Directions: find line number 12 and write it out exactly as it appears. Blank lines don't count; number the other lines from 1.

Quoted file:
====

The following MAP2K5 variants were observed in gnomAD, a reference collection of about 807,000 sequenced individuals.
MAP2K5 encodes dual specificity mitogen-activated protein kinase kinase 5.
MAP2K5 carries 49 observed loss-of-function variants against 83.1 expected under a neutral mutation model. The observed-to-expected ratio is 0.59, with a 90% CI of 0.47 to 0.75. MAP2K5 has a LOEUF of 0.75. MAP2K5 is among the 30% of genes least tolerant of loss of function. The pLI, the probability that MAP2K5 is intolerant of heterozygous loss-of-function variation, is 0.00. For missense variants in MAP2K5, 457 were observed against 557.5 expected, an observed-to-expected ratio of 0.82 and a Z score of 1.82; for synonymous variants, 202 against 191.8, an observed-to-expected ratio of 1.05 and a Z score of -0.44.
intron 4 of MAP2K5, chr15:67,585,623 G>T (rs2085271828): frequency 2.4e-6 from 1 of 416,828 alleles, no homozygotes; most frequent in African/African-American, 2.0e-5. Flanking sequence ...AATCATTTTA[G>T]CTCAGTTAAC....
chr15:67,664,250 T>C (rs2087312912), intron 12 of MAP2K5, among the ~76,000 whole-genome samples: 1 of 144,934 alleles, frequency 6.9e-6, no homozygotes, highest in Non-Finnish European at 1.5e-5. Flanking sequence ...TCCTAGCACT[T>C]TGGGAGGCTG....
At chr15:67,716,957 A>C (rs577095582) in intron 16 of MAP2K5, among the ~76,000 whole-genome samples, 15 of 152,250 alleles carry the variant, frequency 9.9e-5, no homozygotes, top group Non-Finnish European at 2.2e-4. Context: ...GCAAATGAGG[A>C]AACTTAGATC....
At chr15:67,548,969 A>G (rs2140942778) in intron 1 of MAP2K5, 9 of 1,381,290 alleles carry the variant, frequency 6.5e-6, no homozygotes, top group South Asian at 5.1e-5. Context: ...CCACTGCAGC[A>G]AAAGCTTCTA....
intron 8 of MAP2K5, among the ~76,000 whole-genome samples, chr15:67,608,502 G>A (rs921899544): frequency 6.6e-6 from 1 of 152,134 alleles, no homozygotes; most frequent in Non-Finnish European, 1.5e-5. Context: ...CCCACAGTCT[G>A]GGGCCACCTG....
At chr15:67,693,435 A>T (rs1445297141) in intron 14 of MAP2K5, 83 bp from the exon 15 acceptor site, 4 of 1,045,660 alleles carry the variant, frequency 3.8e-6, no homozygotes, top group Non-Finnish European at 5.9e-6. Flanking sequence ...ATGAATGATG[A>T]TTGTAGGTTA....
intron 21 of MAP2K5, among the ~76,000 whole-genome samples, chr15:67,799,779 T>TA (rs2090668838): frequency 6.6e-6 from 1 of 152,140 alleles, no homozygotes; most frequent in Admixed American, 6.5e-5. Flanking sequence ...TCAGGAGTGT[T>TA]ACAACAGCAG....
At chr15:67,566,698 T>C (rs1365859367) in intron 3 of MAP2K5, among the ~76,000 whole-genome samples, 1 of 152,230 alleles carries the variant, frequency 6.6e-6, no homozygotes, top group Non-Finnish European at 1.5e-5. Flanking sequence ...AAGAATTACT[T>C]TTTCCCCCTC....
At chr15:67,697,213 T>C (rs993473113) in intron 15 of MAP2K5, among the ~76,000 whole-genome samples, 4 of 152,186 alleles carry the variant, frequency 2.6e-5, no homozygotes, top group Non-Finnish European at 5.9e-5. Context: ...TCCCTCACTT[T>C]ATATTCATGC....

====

At chr15:67,697,213 T>C (rs993473113) in intron 15 of MAP2K5, among the ~76,000 whole-genome samples, 4 of 152,186 alleles carry the variant, frequency 2.6e-5, no homozygotes, top group Non-Finnish European at 5.9e-5. Context: ...TCCCTCACTT[T>C]ATATTCATGC....